Mortgage Resets? Try Chapter 13 Bankruptcy!

Fascinating front page WSJ article today, titled More Debtors Use Bankruptcy To Keep Homes.

It seems that Chapter 13 filings are gaining in popularity. Why? Because they halt foreclosure proceedings:

“Last month, as the nation’s housing slump continued, consumer
bankruptcy filings increased almost 23% from a year earlier —
representing nearly 69,000 people — according to the American
Bankruptcy Institute, a nonprofit research group whose members include bankruptcy attorneys, judges and lenders. Overall, consumer bankruptcy filings were up 44.76% during the first nine months of this year.

In some areas where the real-estate boom was especially heated, the increase in filings has been even sharper — especially for a type of bankruptcy that allows homeowners to halt foreclosures on their homes . . .

In recent months, however, an increasing number of homeowners have filed for bankruptcy under Chapter 13, which staves off foreclosure proceedings while the homeowner works out a plan to pay off mortgage debt and other obligations over time — usually three to five years. To qualify, debtors must have a regular income and must stay current on their new bills. About four in 10 filers today are filing under Chapter 13 — up from three in 10 two years ago. The 2005 change in bankruptcy laws was designed in part to shift more filers to Chapter 13, which forgives less debt than Chapter 7.”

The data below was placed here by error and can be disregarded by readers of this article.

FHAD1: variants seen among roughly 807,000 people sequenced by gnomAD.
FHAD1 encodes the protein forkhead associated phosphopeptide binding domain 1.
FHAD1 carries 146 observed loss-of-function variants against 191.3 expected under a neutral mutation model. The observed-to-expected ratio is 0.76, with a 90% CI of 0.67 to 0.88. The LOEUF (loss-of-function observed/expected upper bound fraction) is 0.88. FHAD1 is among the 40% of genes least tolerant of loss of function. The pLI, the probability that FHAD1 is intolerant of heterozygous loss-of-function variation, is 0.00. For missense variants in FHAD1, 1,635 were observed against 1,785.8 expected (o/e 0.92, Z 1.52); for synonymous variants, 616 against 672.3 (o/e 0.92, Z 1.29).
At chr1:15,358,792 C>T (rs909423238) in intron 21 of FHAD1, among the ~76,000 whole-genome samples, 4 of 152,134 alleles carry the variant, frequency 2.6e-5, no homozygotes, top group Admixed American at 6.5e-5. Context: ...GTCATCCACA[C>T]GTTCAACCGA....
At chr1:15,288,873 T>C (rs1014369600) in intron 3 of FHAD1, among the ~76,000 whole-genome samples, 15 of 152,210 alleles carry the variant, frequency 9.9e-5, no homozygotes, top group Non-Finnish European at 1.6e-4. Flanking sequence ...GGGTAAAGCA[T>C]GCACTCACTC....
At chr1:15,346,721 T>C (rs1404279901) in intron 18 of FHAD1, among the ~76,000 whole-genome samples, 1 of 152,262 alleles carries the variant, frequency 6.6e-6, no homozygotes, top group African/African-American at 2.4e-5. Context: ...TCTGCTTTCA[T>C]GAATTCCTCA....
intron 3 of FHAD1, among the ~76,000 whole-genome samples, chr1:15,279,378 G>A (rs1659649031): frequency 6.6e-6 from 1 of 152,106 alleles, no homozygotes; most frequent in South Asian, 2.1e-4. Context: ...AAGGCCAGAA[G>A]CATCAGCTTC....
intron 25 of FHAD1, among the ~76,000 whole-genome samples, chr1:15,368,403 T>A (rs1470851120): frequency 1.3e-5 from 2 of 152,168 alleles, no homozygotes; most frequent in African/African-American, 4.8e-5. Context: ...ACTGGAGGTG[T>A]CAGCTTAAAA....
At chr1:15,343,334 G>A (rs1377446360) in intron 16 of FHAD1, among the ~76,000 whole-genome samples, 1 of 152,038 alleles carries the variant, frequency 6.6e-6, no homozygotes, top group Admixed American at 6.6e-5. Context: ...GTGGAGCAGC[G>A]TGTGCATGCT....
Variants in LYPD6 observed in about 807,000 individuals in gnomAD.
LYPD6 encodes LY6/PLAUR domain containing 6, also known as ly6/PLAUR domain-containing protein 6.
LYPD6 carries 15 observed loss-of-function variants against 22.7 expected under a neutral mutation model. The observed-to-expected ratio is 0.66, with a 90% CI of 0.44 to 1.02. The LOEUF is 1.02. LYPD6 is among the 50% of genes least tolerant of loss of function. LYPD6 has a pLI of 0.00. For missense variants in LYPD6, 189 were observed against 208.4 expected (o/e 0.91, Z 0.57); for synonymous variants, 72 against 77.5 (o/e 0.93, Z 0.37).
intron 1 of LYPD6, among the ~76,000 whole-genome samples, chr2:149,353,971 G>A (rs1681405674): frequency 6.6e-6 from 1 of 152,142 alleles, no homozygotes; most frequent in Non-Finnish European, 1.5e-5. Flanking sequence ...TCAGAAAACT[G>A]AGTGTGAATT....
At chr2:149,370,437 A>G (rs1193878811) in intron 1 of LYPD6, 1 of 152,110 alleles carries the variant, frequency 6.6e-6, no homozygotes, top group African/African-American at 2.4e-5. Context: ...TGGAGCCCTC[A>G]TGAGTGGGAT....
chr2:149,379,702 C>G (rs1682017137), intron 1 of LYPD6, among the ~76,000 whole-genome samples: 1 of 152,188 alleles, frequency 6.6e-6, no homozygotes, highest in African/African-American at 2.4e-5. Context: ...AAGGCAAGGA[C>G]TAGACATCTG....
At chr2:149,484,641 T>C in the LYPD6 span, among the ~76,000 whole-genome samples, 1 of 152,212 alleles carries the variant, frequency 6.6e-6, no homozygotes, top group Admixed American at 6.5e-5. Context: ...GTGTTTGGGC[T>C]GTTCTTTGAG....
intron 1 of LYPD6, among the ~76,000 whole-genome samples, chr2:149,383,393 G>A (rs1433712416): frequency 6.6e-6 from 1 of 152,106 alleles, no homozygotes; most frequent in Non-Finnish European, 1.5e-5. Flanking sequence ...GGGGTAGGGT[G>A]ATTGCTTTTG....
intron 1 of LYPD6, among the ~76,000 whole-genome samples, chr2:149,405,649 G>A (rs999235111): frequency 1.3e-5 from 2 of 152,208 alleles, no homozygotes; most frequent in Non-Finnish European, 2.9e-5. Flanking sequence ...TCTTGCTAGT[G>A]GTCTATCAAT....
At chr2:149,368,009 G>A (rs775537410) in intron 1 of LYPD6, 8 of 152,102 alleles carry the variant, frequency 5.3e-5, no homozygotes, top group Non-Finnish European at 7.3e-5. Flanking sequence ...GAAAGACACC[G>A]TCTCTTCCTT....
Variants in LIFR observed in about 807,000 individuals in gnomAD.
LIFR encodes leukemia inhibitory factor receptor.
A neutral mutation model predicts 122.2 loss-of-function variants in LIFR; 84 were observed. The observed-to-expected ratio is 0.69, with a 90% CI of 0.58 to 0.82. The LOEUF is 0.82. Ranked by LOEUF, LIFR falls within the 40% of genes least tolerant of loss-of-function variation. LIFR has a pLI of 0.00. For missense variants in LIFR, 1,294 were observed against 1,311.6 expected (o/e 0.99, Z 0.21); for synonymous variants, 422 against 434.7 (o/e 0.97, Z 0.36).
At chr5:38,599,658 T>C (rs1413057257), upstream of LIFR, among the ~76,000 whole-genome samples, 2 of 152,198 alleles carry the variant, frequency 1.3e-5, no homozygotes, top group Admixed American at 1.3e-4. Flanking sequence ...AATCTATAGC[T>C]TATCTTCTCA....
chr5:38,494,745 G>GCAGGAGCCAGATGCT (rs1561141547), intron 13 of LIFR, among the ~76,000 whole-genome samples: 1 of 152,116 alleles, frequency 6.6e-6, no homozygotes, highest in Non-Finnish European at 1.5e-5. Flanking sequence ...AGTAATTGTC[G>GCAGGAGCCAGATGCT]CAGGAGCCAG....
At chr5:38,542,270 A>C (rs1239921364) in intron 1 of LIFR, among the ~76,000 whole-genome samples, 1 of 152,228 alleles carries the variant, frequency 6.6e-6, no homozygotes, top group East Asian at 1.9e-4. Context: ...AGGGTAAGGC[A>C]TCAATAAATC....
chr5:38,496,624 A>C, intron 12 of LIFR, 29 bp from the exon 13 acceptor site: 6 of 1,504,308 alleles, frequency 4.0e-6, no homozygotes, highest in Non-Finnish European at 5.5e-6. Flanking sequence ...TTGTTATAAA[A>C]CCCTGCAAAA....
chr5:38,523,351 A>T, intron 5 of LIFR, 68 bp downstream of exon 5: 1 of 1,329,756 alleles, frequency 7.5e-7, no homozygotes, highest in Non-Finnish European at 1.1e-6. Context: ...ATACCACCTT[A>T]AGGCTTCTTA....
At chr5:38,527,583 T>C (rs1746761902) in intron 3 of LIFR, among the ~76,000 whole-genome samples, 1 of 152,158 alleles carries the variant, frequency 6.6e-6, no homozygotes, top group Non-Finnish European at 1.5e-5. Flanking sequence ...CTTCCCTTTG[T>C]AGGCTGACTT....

We can expect to see a whole lot more these types of filings in the coming months and years. Why? One word: RESETS.

The ongoing APR mortgage reset process isn’t expected to peak until some time in 2008. Following that, we see a new surge in resets, as Option Adjustable Mortgages begin to come up in 2010-11.  Note that these are non-subprime mortgages.

Econbrowser called this Monthly Mortgage Resets from Credit Suisse (via the IMF) graphic their Distressing Picture of the Day:



Here is is another intriguing pair of charts, this one from Merrill Lynch (via the IMF):


The pair of charts above suggests that as the last cycle progressed, Credit quality
mattered less each subsequent year. Eventually, it seems that mortgage underwriters were giving loans to
just about anyone in order to generate fees, commissions, and re-sellable paper . . .


More Debtors Use Bankruptcy To Keep Homes
Chapter 13 Filings Gain In Popularity Because They Halt Foreclosures
WSJ, October 23, 2007; Page A1

Global Financial Stability Report:
Financial Market Turbulence: Causes, Consequences, and Policies
IMF, September 2007

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What's been said:

Discussions found on the web:
  1. XON commented on Oct 23

    Bet the sub-prime lenders wish they could have been as sleazy as the student loan lenders on the recent bankruptcy ‘reform’. . . (Student loan debts became non-dischargeable.)